According to the Merriam Webster dictionary, the word has four meanings:
1. felt in or as if in the viscera
2. not intellectual
3. dealing with crude or elemental emotions
4. of, relating to, or on or among the viscera
Your viscera are your guts. When we talk of visceral reactions, we're not talking about reactions that are given a lot of thought. Fear and revulsion are visceral reactions.
Which brings us to Al Franken.
Earlier this week I wrote a post where I gently referred to the junior senator from Minnesota as "Senator Steaming Pile." Our friend Amanda, who performs regular acts of kindness by coming here to challenge our assumptions (and I am quite sincere in saying that, by the way), took notice of that and gave me a gentle dig about "taking the high road." But she did more than that. She also wrote a post on her always-interesting blog Memeopolis and she mentioned a couple of very useful things:
The reaction of conservative acquaintances and bloggers however, has been a vitriolic gnashing of the teeth and bloodthirsty name-calling. They HATE Al Franken. HATE. Hatehatehatehate. Instinctively, at first I felt slightly defensive. I mean, Al hasn't even done anything in office yet. Good or bad. Give him a chance to f*** up, yeah?
That's a fair point. Then she made a better, more provocative point.
But then I realized that their emotional reaction could be likened to my affection for Sarah Palin.
I'm guessing that I am one of the conservative acquaintances that Amanda mentioned in her post. Which got me thinking about Franken and why I feel the way I do.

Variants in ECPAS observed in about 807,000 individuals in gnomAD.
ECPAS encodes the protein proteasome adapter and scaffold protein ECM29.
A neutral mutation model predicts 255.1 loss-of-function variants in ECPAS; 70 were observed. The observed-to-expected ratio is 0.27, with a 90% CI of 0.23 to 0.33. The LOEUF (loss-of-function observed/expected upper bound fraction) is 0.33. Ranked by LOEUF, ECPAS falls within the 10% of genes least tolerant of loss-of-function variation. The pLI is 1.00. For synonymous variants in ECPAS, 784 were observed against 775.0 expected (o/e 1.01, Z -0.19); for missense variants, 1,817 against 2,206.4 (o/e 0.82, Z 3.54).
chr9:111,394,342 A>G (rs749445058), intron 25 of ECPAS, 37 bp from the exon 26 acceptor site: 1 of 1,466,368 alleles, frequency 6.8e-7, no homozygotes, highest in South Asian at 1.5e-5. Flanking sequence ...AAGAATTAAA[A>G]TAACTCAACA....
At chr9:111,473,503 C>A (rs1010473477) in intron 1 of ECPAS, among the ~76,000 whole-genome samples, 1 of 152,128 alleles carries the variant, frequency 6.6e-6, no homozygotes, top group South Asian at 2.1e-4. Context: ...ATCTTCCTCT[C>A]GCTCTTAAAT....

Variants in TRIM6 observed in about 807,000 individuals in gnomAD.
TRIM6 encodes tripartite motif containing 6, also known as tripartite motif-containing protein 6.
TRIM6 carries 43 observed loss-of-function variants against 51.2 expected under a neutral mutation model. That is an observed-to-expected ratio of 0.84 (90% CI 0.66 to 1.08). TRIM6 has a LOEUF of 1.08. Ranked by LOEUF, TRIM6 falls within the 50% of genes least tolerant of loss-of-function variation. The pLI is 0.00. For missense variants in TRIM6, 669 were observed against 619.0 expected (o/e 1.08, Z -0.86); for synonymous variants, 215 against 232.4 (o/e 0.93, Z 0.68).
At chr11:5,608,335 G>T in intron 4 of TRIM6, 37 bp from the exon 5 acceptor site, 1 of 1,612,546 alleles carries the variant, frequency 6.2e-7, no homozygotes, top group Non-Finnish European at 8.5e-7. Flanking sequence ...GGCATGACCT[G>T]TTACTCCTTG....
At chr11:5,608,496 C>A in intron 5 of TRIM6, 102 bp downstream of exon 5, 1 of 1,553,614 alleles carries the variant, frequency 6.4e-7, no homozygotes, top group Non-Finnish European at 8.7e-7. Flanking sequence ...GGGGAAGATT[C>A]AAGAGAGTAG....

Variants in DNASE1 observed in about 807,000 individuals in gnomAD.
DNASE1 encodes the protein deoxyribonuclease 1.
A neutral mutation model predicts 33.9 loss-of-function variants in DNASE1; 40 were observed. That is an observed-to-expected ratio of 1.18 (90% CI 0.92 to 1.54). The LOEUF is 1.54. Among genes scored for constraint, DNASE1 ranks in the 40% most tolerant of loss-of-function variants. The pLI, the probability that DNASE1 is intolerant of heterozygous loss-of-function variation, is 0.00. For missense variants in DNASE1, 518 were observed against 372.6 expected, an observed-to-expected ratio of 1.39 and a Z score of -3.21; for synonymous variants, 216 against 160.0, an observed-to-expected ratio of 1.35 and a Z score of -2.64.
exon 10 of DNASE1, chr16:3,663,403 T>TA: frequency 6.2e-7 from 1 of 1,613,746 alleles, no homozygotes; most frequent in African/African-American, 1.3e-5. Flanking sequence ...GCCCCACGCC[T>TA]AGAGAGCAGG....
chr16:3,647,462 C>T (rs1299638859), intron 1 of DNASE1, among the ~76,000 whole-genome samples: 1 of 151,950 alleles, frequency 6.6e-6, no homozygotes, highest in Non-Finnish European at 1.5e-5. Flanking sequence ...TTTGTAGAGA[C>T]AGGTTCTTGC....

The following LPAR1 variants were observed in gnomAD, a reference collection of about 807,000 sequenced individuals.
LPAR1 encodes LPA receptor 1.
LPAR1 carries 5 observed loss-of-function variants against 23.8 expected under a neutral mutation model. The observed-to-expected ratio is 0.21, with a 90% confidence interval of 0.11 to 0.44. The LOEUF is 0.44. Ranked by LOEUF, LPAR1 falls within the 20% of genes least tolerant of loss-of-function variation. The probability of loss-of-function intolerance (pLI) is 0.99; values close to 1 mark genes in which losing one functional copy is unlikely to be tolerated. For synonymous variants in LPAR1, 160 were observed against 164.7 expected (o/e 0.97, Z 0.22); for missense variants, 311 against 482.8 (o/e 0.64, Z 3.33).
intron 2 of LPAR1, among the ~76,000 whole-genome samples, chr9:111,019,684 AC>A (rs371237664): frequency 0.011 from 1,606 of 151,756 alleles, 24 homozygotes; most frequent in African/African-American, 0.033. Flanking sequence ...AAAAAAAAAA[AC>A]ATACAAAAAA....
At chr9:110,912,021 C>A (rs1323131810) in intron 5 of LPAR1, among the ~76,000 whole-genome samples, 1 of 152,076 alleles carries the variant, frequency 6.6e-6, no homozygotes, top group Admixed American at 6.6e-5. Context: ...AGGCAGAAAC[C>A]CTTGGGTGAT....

Hate is a strong word and a strong emotion. It is also an emotion that is learned. I don't know if I hate Al Franken -- if were hurt in a traffic accident or somesuch and I came upon him, I'd whip out my cell, call 911 and then see if there was anything I could do to help him until the pros arrived. But I do dislike him quite a lot, probably more than just about any other politician on the current scene. And I will do everything in my power to ensure his retirement in 2015.
Why is that? Is it a visceral reaction, a gut feeling? Or is my disdain for Franken something that I learned? The answer is pretty clear: it is something I learned. The first time I saw Franken was on Saturday Night Live back in the late 1970s. He then appeared in skits with his comedy partner, Tom Davis. He was a semi-regular presence on that show for years and, in some cases he was pretty damned funny. His imitation of the dour and preachy Illinois Sen. Paul Simon in the mock presidential debates in the 1988 cycle was spot-on and hilarious. It's worth remembering that history.
The problem that most conservatives have with Franken is that when he entered into the political arena, he was an especially vicious guy. I'd even be willing to forgive him that, though: as they say in Chicago, politics ain't beanbag. My problem with Franken is that he has a history with someone I know personally. That someone is Evan Montvel-Cohen. The story of Franken's involvement with Montvel-Cohen, and the scam Montvel-Cohen pulled on the Gloria Wise Boys and Girls Club to get funding that was instrumental to the founding of Air America ,was much downplayed during the election cycle, but it was to my mind the most damning thing about Franken. Montvel-Cohen and I both attended the same college. I know him. He was a shifty character then and most everyone on our campus recognized it. Franken did not, apparently. More importantly, Franken didn't do much of anything to make the situation right after he became aware of it. To me, the incident speaks to Franken's character and judgment. And it speaks quite badly.
Do I have a visceral reaction now when Franken's name comes up? Yeah, I guess I do.
So what about the reaction that Amanda has to Sarah Palin and the reasons for her reaction? She can answer that herself. I'd be willing to wager she has an interesting story to tell. And it's useful to tell these stories, I think.